glee

1
[ glee ]
/ gli /
||

noun

open delight or pleasure; exultant joy; exultation.
an unaccompanied part song for three or more voices, popular especially in the 18th century.

Nearby words

  1. gleanings,
  2. gleason,
  3. gleba,
  4. glebe,
  5. glede,
  6. glee club,
  7. gleed,
  8. gleeful,
  9. gleefully,
  10. gleek

Origin of glee

1
before 900; Middle English; Old English glēo; cognate with Old Norse glȳ; akin to glow

glee

2
[ glee ]
/ gli /
Scot. and North England

verb (used without object)

to squint or look with one eye.

noun

a squint.
an imperfect eye, especially one with a cast.

Origin of glee

2
1250–1300; Middle English glien, gleen; perhaps < Scandinavian; compare Old Norse gljā to shine

Dictionary.com Unabridged Based on the Random House Unabridged Dictionary, © Random House, Inc. 2019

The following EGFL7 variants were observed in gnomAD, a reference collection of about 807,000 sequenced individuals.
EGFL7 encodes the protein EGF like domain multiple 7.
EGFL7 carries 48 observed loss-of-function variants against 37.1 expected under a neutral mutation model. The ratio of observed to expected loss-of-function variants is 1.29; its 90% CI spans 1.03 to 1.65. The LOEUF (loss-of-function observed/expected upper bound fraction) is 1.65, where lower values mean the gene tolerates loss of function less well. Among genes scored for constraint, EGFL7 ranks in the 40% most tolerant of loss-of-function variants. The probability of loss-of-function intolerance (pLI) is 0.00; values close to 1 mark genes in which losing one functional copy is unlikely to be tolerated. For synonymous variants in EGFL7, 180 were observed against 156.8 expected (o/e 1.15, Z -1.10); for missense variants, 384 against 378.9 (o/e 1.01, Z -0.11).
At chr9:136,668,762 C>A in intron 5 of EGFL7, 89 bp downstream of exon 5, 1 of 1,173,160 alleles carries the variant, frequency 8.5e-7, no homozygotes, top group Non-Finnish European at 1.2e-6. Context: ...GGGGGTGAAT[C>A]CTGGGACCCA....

Examples from the Web for glee


British Dictionary definitions for glee

glee

/ (ɡliː) /

noun

great merriment or delight, often caused by someone else's misfortune
a type of song originating in 18th-century England, sung by three or more unaccompanied voicesCompare madrigal (def. 1)

Word Origin for glee

Old English gléo; related to Old Norse glӯ

Collins English Dictionary - Complete & Unabridged 2012 Digital Edition © William Collins Sons & Co. Ltd. 1979, 1986 © HarperCollins Publishers 1998, 2000, 2003, 2005, 2006, 2007, 2009, 2012

Word Origin and History for glee

glee

n.

Old English gliu, gliw "entertainment, mirth, jest, play, sport," presumably from a Proto-Germanic *gleujam but absent in other Germanic languages except for the rare Old Norse gly "joy;" probably related to glad. A poetry word in Old English and Middle English, obsolete c.1500-c.1700, it somehow found its way back to currency late 18c. In Old English, an entertainer was a gleuman (female gleo-mægden). Glee club (1814) is from the secondary sense of "unaccompanied part-song" (1650s) as a form of musical entertainment.

Online Etymology Dictionary, © 2010 Douglas Harper